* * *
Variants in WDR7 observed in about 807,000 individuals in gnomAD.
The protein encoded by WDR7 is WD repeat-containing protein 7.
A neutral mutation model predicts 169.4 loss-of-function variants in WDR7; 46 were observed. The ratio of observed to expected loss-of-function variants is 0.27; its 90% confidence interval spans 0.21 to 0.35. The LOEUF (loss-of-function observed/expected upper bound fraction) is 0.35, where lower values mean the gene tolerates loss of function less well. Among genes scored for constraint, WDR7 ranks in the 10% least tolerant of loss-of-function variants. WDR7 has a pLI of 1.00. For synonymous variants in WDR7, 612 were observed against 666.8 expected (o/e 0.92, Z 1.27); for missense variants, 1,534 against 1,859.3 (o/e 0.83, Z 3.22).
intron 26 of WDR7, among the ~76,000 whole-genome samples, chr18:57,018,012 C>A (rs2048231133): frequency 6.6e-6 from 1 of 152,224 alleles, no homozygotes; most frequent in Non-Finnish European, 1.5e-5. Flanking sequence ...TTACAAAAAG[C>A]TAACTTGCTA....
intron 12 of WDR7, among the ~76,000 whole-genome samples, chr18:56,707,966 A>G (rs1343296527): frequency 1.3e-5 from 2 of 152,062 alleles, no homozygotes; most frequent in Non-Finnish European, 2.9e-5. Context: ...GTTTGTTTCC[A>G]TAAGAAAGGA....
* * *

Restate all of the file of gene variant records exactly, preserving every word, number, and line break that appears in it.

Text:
Variants in WDR7 observed in about 807,000 individuals in gnomAD.
The protein encoded by WDR7 is WD repeat-containing protein 7.
A neutral mutation model predicts 169.4 loss-of-function variants in WDR7; 46 were observed. The ratio of observed to expected loss-of-function variants is 0.27; its 90% confidence interval spans 0.21 to 0.35. The LOEUF (loss-of-function observed/expected upper bound fraction) is 0.35, where lower values mean the gene tolerates loss of function less well. Among genes scored for constraint, WDR7 ranks in the 10% least tolerant of loss-of-function variants. WDR7 has a pLI of 1.00. For synonymous variants in WDR7, 612 were observed against 666.8 expected (o/e 0.92, Z 1.27); for missense variants, 1,534 against 1,859.3 (o/e 0.83, Z 3.22).
intron 26 of WDR7, among the ~76,000 whole-genome samples, chr18:57,018,012 C>A (rs2048231133): frequency 6.6e-6 from 1 of 152,224 alleles, no homozygotes; most frequent in Non-Finnish European, 1.5e-5. Flanking sequence ...TTACAAAAAG[C>A]TAACTTGCTA....
intron 12 of WDR7, among the ~76,000 whole-genome samples, chr18:56,707,966 A>G (rs1343296527): frequency 1.3e-5 from 2 of 152,062 alleles, no homozygotes; most frequent in Non-Finnish European, 2.9e-5. Context: ...GTTTGTTTCC[A>G]TAAGAAAGGA....